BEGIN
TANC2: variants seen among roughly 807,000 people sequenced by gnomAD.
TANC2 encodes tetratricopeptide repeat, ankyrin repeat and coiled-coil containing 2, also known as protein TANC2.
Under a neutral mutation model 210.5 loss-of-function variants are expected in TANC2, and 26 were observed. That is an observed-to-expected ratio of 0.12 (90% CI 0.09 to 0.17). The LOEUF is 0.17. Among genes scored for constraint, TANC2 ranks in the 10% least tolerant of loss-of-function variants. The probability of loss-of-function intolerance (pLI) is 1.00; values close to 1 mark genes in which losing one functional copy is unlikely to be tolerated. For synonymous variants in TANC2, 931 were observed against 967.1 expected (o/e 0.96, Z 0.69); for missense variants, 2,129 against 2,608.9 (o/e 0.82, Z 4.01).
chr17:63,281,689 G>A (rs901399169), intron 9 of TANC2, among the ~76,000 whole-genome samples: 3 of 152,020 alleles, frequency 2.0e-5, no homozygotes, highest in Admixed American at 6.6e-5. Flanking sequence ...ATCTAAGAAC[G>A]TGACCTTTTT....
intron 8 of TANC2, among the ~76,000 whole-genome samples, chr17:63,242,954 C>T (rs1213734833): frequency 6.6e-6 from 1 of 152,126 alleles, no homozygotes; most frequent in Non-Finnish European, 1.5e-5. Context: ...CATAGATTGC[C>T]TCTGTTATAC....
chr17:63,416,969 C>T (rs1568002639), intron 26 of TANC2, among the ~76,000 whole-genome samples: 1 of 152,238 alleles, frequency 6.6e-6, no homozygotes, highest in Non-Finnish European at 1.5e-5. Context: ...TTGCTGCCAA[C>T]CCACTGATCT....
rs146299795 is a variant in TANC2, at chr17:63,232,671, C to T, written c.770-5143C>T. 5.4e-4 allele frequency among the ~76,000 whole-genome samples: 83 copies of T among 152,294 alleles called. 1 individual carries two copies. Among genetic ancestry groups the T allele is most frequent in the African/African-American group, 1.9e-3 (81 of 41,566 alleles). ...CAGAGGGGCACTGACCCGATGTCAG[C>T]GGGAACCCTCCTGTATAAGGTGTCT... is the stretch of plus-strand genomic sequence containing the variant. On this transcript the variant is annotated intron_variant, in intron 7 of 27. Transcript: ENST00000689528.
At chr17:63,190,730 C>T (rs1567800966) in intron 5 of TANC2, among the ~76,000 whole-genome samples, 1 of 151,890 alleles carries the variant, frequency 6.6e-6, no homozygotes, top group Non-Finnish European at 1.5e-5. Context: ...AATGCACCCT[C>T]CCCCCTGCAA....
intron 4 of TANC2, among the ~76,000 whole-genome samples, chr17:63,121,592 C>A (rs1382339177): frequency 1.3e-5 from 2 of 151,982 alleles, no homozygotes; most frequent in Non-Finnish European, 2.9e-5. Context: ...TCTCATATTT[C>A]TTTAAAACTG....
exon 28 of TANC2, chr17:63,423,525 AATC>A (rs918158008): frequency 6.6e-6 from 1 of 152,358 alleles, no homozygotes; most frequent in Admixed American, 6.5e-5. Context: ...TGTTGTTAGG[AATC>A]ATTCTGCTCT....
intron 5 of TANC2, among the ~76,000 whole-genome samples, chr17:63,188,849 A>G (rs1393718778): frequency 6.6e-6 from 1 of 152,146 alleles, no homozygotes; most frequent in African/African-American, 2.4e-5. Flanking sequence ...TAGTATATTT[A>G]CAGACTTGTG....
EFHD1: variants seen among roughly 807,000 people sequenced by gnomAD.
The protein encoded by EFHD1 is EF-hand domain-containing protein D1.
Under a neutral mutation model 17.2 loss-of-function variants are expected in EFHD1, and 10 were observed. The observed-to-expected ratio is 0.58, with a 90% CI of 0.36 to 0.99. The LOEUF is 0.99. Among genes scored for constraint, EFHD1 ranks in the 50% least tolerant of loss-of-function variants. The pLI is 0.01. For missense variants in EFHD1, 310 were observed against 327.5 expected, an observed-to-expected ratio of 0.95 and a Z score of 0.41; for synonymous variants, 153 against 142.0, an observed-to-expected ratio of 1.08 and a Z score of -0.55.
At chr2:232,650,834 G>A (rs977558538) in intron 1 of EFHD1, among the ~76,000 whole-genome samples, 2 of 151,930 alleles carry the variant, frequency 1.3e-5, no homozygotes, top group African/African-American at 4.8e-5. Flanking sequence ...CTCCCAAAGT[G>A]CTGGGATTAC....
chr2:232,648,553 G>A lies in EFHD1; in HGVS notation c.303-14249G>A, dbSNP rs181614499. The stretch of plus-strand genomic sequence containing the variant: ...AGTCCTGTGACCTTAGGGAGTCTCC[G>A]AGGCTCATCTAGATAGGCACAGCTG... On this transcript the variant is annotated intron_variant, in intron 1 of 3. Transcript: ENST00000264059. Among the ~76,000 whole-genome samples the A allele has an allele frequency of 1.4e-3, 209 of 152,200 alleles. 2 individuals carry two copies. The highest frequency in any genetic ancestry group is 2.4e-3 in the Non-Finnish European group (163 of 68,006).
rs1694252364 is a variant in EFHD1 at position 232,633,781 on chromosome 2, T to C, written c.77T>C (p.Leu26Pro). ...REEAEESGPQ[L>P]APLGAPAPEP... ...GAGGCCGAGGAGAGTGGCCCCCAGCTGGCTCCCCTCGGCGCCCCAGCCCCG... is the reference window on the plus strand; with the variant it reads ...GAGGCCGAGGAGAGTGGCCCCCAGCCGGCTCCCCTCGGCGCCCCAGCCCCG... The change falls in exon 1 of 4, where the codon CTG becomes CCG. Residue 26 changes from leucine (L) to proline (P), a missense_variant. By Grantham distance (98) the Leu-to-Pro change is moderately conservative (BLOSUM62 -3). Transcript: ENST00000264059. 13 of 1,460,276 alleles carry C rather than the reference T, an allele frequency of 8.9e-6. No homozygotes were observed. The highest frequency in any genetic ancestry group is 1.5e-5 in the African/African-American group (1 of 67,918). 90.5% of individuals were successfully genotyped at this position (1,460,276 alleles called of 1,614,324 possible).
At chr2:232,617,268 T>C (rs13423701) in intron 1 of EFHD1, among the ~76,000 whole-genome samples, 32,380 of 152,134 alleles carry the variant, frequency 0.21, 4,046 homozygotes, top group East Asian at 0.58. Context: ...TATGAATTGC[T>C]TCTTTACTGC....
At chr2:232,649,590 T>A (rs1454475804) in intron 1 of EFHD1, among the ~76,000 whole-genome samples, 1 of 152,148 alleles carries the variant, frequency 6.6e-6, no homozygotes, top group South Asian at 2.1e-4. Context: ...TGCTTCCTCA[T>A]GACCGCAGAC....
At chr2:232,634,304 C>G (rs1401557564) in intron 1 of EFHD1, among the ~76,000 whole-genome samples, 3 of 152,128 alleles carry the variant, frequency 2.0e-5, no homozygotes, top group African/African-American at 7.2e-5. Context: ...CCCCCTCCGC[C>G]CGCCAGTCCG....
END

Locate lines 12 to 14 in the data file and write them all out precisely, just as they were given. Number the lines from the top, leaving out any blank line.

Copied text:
EFHD1: variants seen among roughly 807,000 people sequenced by gnomAD.
The protein encoded by EFHD1 is EF-hand domain-containing protein D1.
Under a neutral mutation model 17.2 loss-of-function variants are expected in EFHD1, and 10 were observed. The observed-to-expected ratio is 0.58, with a 90% CI of 0.36 to 0.99. The LOEUF is 0.99. Among genes scored for constraint, EFHD1 ranks in the 50% least tolerant of loss-of-function variants. The pLI is 0.01. For missense variants in EFHD1, 310 were observed against 327.5 expected, an observed-to-expected ratio of 0.95 and a Z score of 0.41; for synonymous variants, 153 against 142.0, an observed-to-expected ratio of 1.08 and a Z score of -0.55.